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Methods

This study is a descriptive analysis of cross-sectional data from respondents to the 2007–2009 surveys of the Behavioral Risk Factor Surveillance System (BRFSS). The BRFSS is an annual random-digit–dialed telephone survey in all 50 US states, the District of Columbia, Puerto Rico, the Virgin Islands, and the US Pacific territories (24). Eligible participants are adults (1 per household) aged 18 years or older interviewed about their health status, access to health care, and health behaviors. The Centers for Disease Control and Prevention (CDC) institutional review board has reviewed and approved the BRFSS protocol. The BRFSS method, design, questionnaires, and data sets are available in the public domain (24).

Sample

Of 1,278,028 participants in the 2007–2009 BRFSS, 801,862 (63%) answered a question about their status as a veteran (see definition below) and identified themselves as either non-Hispanic whites, non-Hispanic blacks, American Indians/Alaska Natives, or Hispanics. Twelve percent (n = 110,365) of these reported being a veteran, 100,829 (92%) men and 9,536 (8%) women (values are weighted). We compared veterans and their civilian counterparts within racial/ethnic groups by age, marital status, educational level, employment status, annual income, and HRQOL.

Measures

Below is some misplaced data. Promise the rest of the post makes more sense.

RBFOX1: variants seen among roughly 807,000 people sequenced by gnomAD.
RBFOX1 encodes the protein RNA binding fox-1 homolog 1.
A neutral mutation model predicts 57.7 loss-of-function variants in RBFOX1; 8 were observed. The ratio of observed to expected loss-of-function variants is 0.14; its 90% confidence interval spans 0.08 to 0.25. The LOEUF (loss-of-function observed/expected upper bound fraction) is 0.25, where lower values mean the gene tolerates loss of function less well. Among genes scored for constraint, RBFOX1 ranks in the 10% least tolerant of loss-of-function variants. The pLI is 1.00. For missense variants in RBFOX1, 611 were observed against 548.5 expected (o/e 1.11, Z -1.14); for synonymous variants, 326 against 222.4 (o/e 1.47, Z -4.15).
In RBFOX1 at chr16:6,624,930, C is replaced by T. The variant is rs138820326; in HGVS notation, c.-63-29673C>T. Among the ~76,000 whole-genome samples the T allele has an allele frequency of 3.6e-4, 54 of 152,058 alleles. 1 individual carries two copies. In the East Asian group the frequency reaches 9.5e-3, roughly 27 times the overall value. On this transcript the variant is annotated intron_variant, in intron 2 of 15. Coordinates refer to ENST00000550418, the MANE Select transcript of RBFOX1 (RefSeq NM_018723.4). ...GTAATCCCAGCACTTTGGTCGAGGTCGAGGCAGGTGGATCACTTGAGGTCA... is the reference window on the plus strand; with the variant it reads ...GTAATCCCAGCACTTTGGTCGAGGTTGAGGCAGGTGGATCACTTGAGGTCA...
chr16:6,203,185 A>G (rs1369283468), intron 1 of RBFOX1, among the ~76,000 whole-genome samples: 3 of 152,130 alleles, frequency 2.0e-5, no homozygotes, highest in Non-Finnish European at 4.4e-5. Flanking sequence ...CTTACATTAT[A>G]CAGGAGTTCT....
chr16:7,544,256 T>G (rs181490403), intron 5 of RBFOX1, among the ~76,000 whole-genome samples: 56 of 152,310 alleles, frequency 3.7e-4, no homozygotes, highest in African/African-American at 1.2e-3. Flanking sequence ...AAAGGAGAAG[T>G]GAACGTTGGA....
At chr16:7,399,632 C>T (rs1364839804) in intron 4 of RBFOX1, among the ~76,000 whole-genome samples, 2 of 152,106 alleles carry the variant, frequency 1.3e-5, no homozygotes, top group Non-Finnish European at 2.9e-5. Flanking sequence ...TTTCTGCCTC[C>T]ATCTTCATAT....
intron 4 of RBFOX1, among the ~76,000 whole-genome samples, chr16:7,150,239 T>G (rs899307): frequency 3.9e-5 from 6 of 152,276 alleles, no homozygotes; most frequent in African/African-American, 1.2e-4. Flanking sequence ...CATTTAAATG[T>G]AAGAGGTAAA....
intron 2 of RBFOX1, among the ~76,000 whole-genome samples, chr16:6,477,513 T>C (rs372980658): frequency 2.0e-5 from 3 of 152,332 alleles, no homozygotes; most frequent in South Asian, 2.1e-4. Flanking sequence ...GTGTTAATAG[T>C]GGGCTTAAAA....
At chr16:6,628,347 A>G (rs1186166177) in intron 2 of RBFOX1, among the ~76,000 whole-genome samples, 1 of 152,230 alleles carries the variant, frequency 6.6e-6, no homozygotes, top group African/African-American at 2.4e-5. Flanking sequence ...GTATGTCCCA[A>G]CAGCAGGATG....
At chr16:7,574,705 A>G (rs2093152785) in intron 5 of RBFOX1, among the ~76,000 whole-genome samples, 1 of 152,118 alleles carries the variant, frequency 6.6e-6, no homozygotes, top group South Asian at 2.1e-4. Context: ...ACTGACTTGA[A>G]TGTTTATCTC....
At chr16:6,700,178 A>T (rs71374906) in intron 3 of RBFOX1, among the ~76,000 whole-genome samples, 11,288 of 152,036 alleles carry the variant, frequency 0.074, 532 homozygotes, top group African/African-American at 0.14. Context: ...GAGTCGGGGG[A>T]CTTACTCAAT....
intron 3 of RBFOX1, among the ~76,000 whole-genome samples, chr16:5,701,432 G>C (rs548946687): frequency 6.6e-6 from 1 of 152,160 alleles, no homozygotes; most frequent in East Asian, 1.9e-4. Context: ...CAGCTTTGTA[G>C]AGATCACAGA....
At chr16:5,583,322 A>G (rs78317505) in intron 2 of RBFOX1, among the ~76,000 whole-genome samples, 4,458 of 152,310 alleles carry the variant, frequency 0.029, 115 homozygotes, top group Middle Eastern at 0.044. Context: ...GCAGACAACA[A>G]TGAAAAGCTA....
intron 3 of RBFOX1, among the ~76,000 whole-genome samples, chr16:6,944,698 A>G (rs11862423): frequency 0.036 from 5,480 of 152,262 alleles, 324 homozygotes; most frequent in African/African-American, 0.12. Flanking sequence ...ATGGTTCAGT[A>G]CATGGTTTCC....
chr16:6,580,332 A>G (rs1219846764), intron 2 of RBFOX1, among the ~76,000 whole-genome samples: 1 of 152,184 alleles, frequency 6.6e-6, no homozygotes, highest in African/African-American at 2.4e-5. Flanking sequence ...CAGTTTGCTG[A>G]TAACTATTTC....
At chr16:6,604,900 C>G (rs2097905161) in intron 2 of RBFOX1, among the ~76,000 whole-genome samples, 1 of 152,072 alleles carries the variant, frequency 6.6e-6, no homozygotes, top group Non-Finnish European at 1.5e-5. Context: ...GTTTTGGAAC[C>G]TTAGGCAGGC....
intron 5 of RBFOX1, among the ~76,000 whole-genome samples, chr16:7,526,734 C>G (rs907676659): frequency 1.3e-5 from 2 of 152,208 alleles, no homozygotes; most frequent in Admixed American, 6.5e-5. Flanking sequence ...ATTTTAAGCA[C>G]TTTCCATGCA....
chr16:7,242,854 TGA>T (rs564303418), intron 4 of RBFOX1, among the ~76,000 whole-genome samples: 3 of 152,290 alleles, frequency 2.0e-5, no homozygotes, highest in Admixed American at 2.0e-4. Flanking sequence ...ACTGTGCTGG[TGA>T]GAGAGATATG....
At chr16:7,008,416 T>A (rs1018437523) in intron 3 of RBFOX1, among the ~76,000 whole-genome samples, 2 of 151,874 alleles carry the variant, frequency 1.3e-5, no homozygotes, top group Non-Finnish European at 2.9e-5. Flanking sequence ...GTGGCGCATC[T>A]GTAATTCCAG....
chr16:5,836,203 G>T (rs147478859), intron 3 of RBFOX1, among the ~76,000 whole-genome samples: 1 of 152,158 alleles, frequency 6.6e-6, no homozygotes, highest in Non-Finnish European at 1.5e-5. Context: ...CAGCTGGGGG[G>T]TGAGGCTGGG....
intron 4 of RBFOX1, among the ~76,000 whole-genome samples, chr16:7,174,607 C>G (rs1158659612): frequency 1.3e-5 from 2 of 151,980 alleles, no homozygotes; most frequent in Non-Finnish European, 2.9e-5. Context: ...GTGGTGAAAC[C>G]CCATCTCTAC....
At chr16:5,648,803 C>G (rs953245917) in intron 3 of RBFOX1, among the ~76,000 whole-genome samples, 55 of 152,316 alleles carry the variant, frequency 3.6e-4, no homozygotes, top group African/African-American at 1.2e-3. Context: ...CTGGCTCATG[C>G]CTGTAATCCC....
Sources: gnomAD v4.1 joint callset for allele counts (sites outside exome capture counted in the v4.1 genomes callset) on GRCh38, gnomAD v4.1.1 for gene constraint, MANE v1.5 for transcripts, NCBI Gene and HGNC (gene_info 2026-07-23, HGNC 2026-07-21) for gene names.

The HRQOL items used for this study were self-rated health (excellent, very good, good, fair, or poor), physically unhealthy days (the number of days during the past 30 days when one’s physical health was not good), mentally unhealthy days (the number of days during the past 30 days when one’s mental health was not good), and recent activity limitation days (the number of days during the past 30 days when one’s physical or mental health kept one from doing one’s usual activities). The question about veteran status remained the same during the 2007–2009 BRFSS surveys: “Have you ever served on active duty in the United States Armed Forces, either in the regular military or in a National Guard or military reserve unit? Active duty does not include training for the Reserves or National Guard, but DOES include activation, for example, for the Persian Gulf War.” However, the response choices differed in the 2009 questionnaires from those in the 2008 and 2007 questionnaires. In 2009, participants chose from 7 responses: 1) yes, now on active duty; 2) yes, on active duty during the last 12 months, but not now; 3) yes, on active duty in the past, but not during the last 12 months; 4) no, training for Reserves or National Guard only; 5) no, never served in the military; 6) don’t know/not sure; and 7) refused. In the 2007 and 2008 BRFSS, there were 4 choices: yes, no, don’t know/not sure, and refused. For this study, we defined veterans as those answering yes to these questions on any of the 3 surveys and civilians as those answering no to these questions. We excluded from the analysis those answering don’t know/not sure and those refusing to answer these questions.